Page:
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A war child refers to a child born to a native parent and a parent belonging to a foreign military force (usually an occupying force, but also soldiers stationed at military bases on foreign soil). It also refers to children of parents collaborating with an occupying force. Having a child with a member of a belligerent foreign military, throughout history and across cultures, is often considered a grave betrayal of social values. Commonly, the native parent is disowned by family, friends and society at large. The term "war child" is most commonly used for children born during World war II and its aftermath.

Fate of the mothers and children


Children whose either parent was part of an occupying force or whose parent(s) collaborated with enemy forces were innocent of any war crimes committed by their parents. Yet these children have felt condemned by the crimes uncovered in the subsequent prosecution of their parents' acts. As they grew to adolescence and adulthood, many of them harbored the feelings of guilt and shame.

One example is children born to World War II soldiers. These children claim they lived with their identity in an inner exile until the 1980s, when some of them presented themselves officially. In 1987 Bente Blehr refused anonymity when an interview with her was published in "Born Guilty", a collection of 12 interviews with children whose parent(s) collaborated with German forces in occupied Norway. The first autobiography by a Nazi child, dedicated to all of them, was published in Norway: "The Boy from Gimle" (1993) by Eystein Eggen.

Having a relationship with a soldier of an occupying force has historically been censured. Women who became pregnant would often take measures to conceal the fact that the father was a foreign soldier, if possible. The choices available to them usually were:

  • Arrange a marriage with a local man, who would take responsibility for the child
  • Claim the father was unknown, bring up the child as a single mother
  • Acknowledge the relation, bring up the child as a single mother
  • Acknowledge the relation, accept welfare from the occupying force (see the German Lebensborn)
  • Place the child in an orphanage or give the child up for adoption
  • Immigrate to the occupying country, and claim that identity
  • Have an abortion

After the war it was common for both mother and child to suffer repercussions from the local population. Such repercussions were widespread throughout Europe. While some women and children experienced acts considered horrendous, including torture and deportation, most acts fell into one or several of the following categories:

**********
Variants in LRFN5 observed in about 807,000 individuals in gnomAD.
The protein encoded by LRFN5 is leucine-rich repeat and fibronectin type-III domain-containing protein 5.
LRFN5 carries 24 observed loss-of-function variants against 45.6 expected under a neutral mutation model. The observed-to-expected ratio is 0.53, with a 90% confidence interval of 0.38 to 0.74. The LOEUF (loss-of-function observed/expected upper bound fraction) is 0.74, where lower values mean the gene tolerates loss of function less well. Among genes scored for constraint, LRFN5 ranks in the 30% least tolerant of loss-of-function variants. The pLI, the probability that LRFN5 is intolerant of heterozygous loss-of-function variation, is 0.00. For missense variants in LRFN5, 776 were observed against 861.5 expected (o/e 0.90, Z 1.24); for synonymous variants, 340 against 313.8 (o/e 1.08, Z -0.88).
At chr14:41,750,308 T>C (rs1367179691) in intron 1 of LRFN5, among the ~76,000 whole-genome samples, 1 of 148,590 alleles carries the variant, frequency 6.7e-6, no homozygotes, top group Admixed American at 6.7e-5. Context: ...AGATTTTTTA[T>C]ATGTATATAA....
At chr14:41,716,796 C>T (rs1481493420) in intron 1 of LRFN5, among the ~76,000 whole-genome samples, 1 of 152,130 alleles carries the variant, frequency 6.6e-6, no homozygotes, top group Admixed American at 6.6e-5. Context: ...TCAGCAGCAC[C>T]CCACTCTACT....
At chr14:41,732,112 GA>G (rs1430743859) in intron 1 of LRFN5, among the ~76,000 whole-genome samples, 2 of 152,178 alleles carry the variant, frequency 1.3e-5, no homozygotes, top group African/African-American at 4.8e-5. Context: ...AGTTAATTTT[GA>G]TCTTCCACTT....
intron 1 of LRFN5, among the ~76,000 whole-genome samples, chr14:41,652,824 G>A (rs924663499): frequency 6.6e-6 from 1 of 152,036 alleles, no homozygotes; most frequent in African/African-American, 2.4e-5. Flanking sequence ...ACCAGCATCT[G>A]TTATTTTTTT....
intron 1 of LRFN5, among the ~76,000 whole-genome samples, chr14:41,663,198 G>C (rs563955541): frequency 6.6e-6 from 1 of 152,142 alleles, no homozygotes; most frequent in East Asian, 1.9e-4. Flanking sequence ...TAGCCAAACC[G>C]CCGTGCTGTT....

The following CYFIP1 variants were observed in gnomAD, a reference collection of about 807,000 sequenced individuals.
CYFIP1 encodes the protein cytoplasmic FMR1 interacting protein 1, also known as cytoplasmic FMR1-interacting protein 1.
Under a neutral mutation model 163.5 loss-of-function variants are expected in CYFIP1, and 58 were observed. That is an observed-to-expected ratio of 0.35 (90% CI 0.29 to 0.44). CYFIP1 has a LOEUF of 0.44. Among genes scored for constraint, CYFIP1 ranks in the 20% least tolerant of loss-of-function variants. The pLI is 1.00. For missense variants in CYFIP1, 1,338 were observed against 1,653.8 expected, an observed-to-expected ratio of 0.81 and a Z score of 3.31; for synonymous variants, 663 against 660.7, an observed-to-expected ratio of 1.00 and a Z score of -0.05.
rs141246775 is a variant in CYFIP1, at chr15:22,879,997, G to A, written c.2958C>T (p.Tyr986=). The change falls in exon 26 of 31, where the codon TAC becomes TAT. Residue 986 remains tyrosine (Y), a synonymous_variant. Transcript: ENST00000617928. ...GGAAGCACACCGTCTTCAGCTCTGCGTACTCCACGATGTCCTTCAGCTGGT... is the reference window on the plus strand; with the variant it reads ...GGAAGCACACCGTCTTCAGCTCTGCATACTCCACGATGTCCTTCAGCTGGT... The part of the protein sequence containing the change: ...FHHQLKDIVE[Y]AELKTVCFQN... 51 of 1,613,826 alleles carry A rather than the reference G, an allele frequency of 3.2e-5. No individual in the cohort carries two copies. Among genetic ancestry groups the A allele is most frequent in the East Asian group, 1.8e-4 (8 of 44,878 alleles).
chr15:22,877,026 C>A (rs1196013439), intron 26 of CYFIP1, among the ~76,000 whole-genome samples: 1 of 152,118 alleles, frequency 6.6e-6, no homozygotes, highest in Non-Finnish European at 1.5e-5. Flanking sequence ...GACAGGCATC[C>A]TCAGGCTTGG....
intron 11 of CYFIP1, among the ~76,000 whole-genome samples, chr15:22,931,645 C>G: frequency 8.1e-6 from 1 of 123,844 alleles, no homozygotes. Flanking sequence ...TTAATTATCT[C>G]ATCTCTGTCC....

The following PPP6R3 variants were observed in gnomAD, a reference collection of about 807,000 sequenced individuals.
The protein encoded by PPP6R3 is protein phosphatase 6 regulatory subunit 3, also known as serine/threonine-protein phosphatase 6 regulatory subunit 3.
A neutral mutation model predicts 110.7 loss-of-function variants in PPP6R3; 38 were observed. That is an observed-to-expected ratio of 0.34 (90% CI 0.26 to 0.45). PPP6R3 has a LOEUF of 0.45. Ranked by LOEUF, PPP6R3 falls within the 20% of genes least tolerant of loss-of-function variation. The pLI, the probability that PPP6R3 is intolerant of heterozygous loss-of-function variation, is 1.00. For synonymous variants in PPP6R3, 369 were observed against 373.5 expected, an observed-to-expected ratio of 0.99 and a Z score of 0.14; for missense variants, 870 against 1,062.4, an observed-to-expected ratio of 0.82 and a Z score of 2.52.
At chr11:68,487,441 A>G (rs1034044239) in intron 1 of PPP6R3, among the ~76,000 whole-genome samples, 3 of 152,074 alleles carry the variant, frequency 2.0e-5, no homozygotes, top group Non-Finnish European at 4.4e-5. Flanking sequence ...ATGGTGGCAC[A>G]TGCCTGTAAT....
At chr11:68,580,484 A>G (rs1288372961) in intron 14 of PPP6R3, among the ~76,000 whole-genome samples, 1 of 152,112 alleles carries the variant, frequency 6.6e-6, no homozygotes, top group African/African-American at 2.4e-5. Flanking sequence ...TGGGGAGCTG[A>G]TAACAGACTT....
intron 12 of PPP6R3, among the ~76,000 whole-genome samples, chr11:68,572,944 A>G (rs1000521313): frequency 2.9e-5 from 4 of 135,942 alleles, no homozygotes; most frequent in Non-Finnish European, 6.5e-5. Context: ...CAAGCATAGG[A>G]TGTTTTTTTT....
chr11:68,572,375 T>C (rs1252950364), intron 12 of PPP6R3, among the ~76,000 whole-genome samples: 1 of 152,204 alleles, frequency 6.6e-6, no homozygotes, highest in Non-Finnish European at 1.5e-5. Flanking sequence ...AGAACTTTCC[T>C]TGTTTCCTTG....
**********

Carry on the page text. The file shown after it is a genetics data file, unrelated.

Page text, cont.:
• Name calling: German whore and German kid were common labels
  • Isolation or harassment from the local community and at schools
  • Loss of work
  • Shaving the head of the mothers, an act not uncommon in the immediate aftermath of the war
  • Temporary placement in confinement or interim camps

While repercussions were most widespread immediately after the war, sentiments against the women and their children would linger into the 1950s, 60s, and beyond.

Help for mothers and children

Since 2005 there is in France and is also known in Germany the society "Amicale Nationale des Enfants de la Guerre" (ANEG) which feels also responsible for those occupation children with a French father and a German mother. Another French organization searching for family members of French children whose fathers were German soldiers during the occupation is "Coeurs Sans Frontières/Herzen ohne Grenzen". Since 2009 the German government grants German nationality for French war children from German soldiers of World War II on application.

Attention in the 1990s was drawn on war crimes in former Yugoslaviamarker. Muslim women in Bosniamarker and Croatiamarker who were raped in special camps got help as soon as they could overcome their sense of shame by looking for assistance from humanitarian organizations.

The growing sense for these inacceptable mothers' fate and childrens' humiliation led in 1989 to the approval of Convention on the Rights of the Child. Since 2008 United Nations Security Council bans sexual violations as a war crime. This was called in German weekly Die Zeit an historical milestone.

In our days anonymous birth ("Babyklappe") or integration into the grater family might be a solution to prevent war children from growing up as unwanted and mobbed people in a hostile environment.

Psychological assistance and help to find lost family members by publishing in internet is granted by German society "Verein Kriegskind e. V."


German forces invaded Norway in 1940 and occupied the country until 1945. At the end of the war the German presence stood at 372,000. It is estimated that between 10,000 and 12,000 children were born to German fathers and Norwegian mothers during the occupation.

Nazi ideology considered Norwegians to be pure Aryans and German authorities didn't prohibit soldiers from pursuing relationships with Norwegian women. In other occupied territories like Eastern Europe, such relationships were forbidden because of Nazi views that Slavs were an inferior race.